Earlier this week, Daily Maverick published a critical column by Sally Hurt regarding the government’s response to xenophobia. Here, in the interests of fair representation and robust debate, we publish in full a response by Acting Cabinet Spokesperson PHUMLA WILLIAMS regarding the status of Operation Fiela-Reclaim.
There are times when opinions expressed in the media lead to intense public discourse about their merits or otherwise. There are also times when opinions paint a partial picture of the true state of affairs.
Sadly the opinion piece by Sally Hurt: “The quiet violence of refugee life: It’s not xenophobia – it’s just plain prejudice” in the Daily Maverick 19 May 2015 falls squarely into the latter category.
She takes aim at Operation Fiela-Reclaim, a complex multidisciplinary interdepartmental operation, and claims it is simply a show of government prejudice.
Nothing is further from the truth. Fiela forms part of our overall strategy to ensure that all people in South Africa are and feel safe. Allow me to place on record what Fiela aims to achieve.
Fiela is an operation to rid our country of illegal weapons, drug dens, prostitution rings and other illegal activities. It is by no means a silver bullet, and is but one aspect of a much larger drive to ensure a safer South Africa.
I am confident that South Africans and foreign nationals living in our country would agree that the South African Police Service, supported by other agencies, is duty bound to tackle crime, lawlessness, impunity, intolerance and disregard for the rule of law.
Sadly there has been a number of recent incidents which are not in keeping with our Constitutional democracy and the rule of law. Government will never sit back and allow criminals to have free reign or allow for the rule of law to be subverted.
Government cannot and will not turn a blind eye to acts of criminality and will continue to act decisively and swiftly to restore law and order. Our actions form part of a plan to give government space to address socio-economic and security challenges in a structured and co-ordinated manner.
Operation Fiela will therefore be intensified and expanded in the coming weeks and months. Law-abiding South Africans and foreign nationals have nothing to fear. Our operations are targeted at criminals and crime. They are conducted in strict compliance with the various laws and regulations that govern our society. The search and seizure operations in various places have also been conducted in a professional manner and within the confines of the law.
Operation Fiela is helping to make our country safer and will enable people who live in South Africa to enjoy their freedoms in an environment that is free from crime.
Hurt also claims that government is unwelcoming to foreign nationals and refugees. South Africa is a constitutional democracy governed by the rule of law. We are obligated under the Geneva Protocol on Refugees to protect all foreign nationals in the country. Since the dawn of democracy in 1994 we have consistently fought to protect the human rights and the basic rights of all persons without our borders, including foreign nationals. In fact South Africa has unique arrangements with certain other countries such as the special dispensations for Zimbabwean nationals.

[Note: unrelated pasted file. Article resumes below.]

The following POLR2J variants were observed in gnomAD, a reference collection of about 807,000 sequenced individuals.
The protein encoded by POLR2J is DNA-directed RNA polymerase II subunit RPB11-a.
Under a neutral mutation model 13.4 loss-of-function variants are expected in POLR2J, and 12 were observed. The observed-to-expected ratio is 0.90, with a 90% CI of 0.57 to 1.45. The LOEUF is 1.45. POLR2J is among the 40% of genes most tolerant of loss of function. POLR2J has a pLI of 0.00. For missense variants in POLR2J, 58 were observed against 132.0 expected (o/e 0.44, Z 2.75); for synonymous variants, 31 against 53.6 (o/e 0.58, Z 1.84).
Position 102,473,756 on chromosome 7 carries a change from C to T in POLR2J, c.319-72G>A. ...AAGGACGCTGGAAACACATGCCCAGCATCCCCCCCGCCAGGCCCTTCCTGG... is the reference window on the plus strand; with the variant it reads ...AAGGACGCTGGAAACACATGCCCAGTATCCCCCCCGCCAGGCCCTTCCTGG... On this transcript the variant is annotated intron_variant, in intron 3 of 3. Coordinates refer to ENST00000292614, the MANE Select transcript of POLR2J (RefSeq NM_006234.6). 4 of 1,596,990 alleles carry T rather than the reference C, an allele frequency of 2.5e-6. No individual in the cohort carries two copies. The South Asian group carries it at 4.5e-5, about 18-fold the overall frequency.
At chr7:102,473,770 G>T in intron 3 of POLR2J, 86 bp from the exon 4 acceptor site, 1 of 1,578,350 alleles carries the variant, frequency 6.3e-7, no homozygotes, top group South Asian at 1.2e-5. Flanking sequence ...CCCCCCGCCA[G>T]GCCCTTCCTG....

This by no means implies that our migration system is flawless or without challenges. President Jacob Zuma recently appointed an Inter-Ministerial Committee, comprised of several key ministries to address challenges around migration. We are aware that this issue is multi-faceted and can only be resolved by taking a holistic approach to all the relevant issues.
Measures will therefore to put in place to better regulate immigration into South Africa, while a Border Management Agency is being established to manage all ports of entry. We have transferred 350 SANDF soldiers to the Department of Home Affairs to boost the capacity of immigration officers at our border posts. Military personnel have also been deployed along the border in seven provinces to prevent border crime and illegal border crossings.
These interventions will no doubt go a long way to easing our migration issues. There is however, also greater room for honest conversations across society about the state of our nation. We dare not allow the legacy of colonialism, white minority rule and apartheid, which sought to divide and strip us of our humanity to triumph.
In Africa Month let us come together as one. Let us use the celebration of Africa and her people to actively encourage greater social cohesion and nation building, while also fostering African unity. Together we can strengthen the socio, cultural, economic and political relations among African nations.
Acting Cabinet Spokesperson
Photo: South African Defence Force soldiers secure a perimeter around a hostel in Manenberg as police conduct an operation involving house to house raids in the gang ridden area of Manenberg, on the Cape Flats of Cape Town, South Africa 21 May 2015. EPA/NIC BOTHMA
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